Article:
People usually know something about whirling dervishes – they have seen some entertainment inspired by this order in Turkey or Egypt restaurants, Middle Eastern countries etc, but they are way more than that. Before I was planing to visit Turkish town of Konya in Central Anatolian region (on my way to Cappadocia), the only thing I “knew” about them was that there is an “ancient weird dressing” order, “somewhere” in the world, “whose followers get in some kind of trans” while spinning around. Could not even imagine what an astonishing philosophy lies beneath this seemingly “tourist attraction”! (Read more about it in the follow up tomorrow.)
While I was in Egypt years before going to Cappadocia, I have attended a show allegedly inspired by One Thousand and One Nights’ tales (weird mixture for tourists!). Besides belly dancers, they have arranged a whirling-man show they said was a dervish. He was spinning in wide colorful robe that was expanding like a balloon.
Another time, couple of years after visiting Konya, there was a “special show-dinner” in one of Damascus’ restaurants, where we (tourists) were entertained by a whirling dervish dance. But fortunately, I knew who dervishes were by than and was acquainted with the fact that it’s not their “purpose” to whirl for tips. Still, most tourists were not even curious.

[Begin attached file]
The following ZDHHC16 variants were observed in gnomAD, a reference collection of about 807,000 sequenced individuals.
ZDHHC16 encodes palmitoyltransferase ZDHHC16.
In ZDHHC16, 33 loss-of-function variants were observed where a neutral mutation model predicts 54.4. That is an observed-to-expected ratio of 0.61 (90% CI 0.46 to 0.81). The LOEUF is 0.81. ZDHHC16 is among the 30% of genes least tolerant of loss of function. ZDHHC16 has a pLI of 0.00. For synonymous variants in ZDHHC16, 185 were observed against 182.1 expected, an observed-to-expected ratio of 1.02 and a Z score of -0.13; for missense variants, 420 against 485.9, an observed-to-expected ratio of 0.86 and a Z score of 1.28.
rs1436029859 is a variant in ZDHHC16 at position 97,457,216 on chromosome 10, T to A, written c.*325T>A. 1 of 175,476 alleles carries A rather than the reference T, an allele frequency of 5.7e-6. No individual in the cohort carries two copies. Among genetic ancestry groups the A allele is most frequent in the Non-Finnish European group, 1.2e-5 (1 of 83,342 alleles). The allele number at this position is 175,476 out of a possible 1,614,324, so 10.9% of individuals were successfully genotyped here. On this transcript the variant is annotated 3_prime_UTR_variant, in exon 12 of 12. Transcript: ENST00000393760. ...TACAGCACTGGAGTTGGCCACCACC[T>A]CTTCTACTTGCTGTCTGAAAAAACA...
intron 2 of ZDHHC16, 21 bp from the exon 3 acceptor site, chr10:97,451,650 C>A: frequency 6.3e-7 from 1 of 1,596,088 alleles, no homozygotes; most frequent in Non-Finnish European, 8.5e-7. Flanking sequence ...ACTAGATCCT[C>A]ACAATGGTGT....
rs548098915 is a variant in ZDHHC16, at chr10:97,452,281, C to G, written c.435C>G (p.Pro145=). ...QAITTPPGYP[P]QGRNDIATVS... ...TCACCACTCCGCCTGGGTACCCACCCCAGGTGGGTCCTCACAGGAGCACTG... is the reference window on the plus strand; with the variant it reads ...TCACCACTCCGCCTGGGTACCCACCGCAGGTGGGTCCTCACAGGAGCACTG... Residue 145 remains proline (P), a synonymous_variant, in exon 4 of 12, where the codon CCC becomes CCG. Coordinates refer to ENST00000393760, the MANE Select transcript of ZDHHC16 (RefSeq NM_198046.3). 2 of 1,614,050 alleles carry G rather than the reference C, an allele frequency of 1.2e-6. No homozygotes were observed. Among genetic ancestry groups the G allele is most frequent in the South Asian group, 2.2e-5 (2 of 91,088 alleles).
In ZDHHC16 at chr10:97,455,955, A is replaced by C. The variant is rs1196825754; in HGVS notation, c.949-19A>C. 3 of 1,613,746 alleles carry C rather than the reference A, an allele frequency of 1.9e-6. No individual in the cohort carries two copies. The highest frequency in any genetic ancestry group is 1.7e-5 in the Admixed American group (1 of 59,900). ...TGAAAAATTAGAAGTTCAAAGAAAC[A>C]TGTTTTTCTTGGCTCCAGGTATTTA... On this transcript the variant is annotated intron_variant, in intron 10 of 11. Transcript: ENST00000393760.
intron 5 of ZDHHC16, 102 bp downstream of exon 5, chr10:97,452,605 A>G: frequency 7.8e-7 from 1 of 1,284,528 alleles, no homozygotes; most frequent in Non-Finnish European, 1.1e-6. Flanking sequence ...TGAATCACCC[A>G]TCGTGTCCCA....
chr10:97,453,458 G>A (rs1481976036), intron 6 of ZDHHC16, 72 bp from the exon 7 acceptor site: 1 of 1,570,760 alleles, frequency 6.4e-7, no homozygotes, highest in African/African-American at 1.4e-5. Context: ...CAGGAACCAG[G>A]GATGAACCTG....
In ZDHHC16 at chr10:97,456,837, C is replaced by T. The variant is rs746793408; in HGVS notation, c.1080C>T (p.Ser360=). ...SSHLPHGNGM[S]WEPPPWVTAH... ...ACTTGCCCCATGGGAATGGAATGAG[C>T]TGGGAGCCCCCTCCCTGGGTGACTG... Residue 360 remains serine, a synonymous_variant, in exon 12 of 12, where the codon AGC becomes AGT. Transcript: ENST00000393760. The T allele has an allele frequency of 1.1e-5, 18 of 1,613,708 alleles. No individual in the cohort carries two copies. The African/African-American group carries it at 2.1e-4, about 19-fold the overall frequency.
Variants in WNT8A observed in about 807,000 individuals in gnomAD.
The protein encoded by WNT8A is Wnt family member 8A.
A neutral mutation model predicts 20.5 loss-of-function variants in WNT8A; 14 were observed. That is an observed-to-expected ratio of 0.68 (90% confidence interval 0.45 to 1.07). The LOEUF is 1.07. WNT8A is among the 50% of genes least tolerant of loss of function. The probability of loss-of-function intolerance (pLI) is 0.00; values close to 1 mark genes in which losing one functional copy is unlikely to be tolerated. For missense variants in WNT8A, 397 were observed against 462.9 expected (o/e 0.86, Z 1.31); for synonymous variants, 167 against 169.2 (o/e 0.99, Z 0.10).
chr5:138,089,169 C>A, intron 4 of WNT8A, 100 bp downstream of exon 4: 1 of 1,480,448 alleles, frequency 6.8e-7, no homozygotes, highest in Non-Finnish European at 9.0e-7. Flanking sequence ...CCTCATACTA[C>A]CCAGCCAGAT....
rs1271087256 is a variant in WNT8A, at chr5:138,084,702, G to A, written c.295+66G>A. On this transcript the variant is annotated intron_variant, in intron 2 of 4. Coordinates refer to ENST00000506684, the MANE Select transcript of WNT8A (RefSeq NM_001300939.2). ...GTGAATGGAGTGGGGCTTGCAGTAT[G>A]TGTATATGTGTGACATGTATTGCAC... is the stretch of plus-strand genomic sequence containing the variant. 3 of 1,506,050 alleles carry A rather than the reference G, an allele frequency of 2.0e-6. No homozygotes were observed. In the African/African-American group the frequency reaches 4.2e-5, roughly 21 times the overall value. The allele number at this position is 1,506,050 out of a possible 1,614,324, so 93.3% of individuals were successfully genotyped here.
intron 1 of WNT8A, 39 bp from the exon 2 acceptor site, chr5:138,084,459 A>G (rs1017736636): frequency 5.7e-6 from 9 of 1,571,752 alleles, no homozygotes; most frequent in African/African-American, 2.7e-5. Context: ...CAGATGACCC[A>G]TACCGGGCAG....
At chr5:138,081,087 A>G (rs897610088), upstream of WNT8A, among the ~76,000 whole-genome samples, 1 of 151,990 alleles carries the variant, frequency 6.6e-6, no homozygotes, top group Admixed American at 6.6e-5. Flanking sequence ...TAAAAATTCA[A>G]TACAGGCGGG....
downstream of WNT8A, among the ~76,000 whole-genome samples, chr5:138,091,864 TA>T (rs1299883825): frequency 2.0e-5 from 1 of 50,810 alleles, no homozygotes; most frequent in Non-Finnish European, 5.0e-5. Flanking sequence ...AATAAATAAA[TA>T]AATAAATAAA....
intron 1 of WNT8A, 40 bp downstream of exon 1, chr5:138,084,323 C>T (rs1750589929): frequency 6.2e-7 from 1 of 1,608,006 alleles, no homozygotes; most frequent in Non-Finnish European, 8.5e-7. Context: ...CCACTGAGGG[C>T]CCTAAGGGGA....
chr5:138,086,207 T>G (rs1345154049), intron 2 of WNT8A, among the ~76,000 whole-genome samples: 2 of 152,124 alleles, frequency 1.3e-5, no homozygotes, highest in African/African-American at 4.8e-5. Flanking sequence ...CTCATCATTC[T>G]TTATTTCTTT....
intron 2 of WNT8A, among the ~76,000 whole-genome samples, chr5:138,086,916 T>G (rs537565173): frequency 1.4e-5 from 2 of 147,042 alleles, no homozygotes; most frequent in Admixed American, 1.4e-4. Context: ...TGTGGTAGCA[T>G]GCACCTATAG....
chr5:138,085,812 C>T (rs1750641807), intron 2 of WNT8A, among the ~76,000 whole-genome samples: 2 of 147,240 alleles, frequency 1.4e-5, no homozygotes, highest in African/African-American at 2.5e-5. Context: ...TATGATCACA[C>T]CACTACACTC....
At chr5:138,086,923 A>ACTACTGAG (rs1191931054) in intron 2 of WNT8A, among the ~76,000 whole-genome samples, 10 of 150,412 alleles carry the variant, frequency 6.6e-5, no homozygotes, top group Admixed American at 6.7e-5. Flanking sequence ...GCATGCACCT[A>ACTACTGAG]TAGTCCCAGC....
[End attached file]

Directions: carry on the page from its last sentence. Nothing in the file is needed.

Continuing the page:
Anyway, for those of you who might stumble across so called dervishes’ “tourist shows” some day, here is a hint. Whirling dervishes are members of sufi Muslim order, followers of great scholar Mevlana or Rumi who has started the order in the 12th century. The Mevlana Museum with the Mausoleum is located – you’ve guessed it – in the town of Konya!
Don’t expect to see them whirling there at the Museum. Ask if there is a way to have a glimpse into their prayer schedule somewhere in Konya perhaps. I was fortunate enough to see the group of real Turkish dervishes who visited Serbia few years back and performed a part of their prayer routine in Belgrade’s theater. And what a performance that was!